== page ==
Plaque Psoriasis: Hereditary Risk
FEBRUARY 13, 2020
Margaret Bobonich, DNP, FNP-C, DCNP, FAANP: Melodie, you did some work with the National Psoriasis Foundation really focusing on the genetics of psoriasis.
Melodie Young, MSN, RN, ANP-C: Exactly. Probably in the early 90s, there was a call out by researchers, investigators, and clinicians because we kept seeing large numbers of family members who had psoriasis. We also saw other genetic diseases associated with psoriasis—Crohn disease, where there’s increased likelihood, and rheumatoid arthritis, and ankylosing spondylitis. In the clinical setting, we kept seeing a lot of these similar diseases.
The National Psoriasis Foundation raised the money and we wrote a grant at Baylor University Medical Center in Dallas, [Texas], to try to do research. In 1 year, I spent 26 weekends traveling around the country identifying family members, drawing blood, and getting tissue. Because of that, a pretty significant paper was published in Science that revealed the first gene linkages associated with psoriasis. Since that time, there have been many, many more. We also understand it is a very complex disease.
For clinicians, it’s very important that we let our patients know that it is not their fault when they have psoriasis. They are genetically predisposed. There are things that will trigger it and make it come about, which we’re going to talk about today on this panel, but having the genetic predisposition for your immune system to malfunction and for you to begin to have the development of the disease, whether it’s a few local plaques or whether it is very widespread…
Would anyone like to discuss some of the other genetic factors, as well as the immune system’s role in what we know about it causing the disease or causing the disease to become noted?
Douglas DiRuggiero, PA-C: I just want to drive home the point that there is not yet an isolated gene that says that you have psoriasis. If anything, the research that you did and subsequent research since then has shown us that this is a multifactorial problem. Multiple genes have been identified. It’s a combination of a multigenetic predisposition with a lot of environmental factors. How the numbers play out that I’ve seen is that you have about a 15% to 20% chance of getting psoriasis if you have 1 parent who has psoriasis. If both of your parents have psoriasis, you have a 50% chance of having psoriasis yourself. When we look at the twin data, if 1 twin has it, the other has roughly a 25% of getting it—15% to 25%. That is for nonidentical. If they’re identical, it’s a 75% chance. So those genetics play themselves out.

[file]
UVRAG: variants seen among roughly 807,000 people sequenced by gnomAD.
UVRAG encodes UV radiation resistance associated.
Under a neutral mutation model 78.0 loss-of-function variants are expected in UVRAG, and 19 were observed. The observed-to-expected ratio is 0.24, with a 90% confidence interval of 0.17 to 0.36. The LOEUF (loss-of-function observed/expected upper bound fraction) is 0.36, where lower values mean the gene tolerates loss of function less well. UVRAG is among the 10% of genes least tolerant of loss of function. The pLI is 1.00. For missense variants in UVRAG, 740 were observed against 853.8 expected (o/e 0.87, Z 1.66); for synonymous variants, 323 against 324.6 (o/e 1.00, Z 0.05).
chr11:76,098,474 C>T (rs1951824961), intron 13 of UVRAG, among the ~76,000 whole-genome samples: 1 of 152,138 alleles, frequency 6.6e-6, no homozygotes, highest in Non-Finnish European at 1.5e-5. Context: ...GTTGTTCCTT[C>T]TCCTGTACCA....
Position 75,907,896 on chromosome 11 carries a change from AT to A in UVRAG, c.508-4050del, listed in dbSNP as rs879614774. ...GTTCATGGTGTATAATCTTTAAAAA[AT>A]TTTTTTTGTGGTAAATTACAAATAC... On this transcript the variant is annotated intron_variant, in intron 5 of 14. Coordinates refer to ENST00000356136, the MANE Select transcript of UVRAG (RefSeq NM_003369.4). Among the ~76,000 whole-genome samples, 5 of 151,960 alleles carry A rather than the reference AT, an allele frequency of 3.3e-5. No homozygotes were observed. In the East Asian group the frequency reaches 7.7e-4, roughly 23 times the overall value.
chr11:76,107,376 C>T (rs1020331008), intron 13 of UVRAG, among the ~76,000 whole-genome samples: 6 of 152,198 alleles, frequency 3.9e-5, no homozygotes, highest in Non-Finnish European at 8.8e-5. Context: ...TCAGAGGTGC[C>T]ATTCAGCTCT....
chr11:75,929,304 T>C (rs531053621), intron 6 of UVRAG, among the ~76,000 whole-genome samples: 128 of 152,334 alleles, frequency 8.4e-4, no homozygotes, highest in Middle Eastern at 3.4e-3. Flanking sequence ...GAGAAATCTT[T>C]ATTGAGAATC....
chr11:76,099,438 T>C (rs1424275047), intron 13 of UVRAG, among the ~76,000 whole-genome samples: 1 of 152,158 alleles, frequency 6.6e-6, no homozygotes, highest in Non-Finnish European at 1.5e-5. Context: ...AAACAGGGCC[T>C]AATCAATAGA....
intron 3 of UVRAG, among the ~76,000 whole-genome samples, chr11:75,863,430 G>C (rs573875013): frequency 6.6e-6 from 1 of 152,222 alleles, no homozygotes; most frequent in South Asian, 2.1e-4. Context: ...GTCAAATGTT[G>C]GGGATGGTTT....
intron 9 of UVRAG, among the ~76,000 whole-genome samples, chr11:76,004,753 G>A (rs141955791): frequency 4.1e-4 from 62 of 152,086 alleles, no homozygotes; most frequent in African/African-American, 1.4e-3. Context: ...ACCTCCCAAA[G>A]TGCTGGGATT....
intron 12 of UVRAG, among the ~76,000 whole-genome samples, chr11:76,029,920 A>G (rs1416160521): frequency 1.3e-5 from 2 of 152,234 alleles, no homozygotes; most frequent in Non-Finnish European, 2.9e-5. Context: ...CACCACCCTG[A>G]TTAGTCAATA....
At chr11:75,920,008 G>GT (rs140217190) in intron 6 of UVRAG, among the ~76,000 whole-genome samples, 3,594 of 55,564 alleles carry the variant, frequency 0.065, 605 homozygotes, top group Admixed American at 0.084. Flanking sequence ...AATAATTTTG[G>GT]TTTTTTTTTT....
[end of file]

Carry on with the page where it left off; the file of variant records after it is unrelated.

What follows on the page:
To me, it’s interesting just to note to our colleagues that this is mostly a disease in folks of western or northern European descent. Caucasians. The closer you get to the equator, the less we see it. Then there are some outlying populations where it’s virtually unheard of—in American Indians, the Inuit population, or the native tribes in that area. Even though it’s far away from the equator, it’s not seen there very often. So there are some interesting caveats of looking at patient populations for which psoriasis is going to be far more prevalent in versus almost never seen. I think there are some important things to note as we step forward.
Melodie Young, MSN, RN, ANP-C: It can present differently in certain populations as well. I think that’s one of the reasons it can become easily missed.
Douglas DiRuggiero, PA-C: We don’t see it much in the Pacific Rim populations—folks from China, from Japan, from Korea. It’s just less. And when it does present, it does present in a very different way from what you may be used to seeing, if you’re used to seeing it in a Caucasian. African Americans, again, can have it, but it is much less prevalent. You have to think of other things, because it could be fooling you. So I think there are important things to note.
Melissa Davis, PA-C: It’s important to jump on what you were saying about the 15% to 20% in 1 parent and 50% with 2. I have a lot of patients who say, “Well, nobody in my family has psoriasis,” so they think they can’t have it. They think that maybe we’re not right, because nobody in their family has psoriasis. So I think it’s important to give them that information—to let them know that, “Just because your mom or dad or grandma or grandpa didn’t have it, that doesn’t mean you’re not going to get it,” if that makes sense.
Margaret Bobonich, DNP, FNP-C, DCNP, FAANP: What’s really interesting is I’ve had patients who’ve come in and they’ve said, “Nobody in my family has it.” We have the discussion. We talk about what psoriasis is. They get the diagnosis. We talk about treatment. They come back for the next office visit and they say, “I had no idea. I told my family about this.”
Melissa Davis, PA-C: Yeah, “My grandma.”
Margaret Bobonich, DNP, FNP-C, DCNP, FAANP: “My grandma.” It’s a very personal thing. Many times it’s in very personal or intimate areas, and people don’t talk about that. So genetics is important, and helping patients understand how to discuss it is important.
Transcript edited for clarity.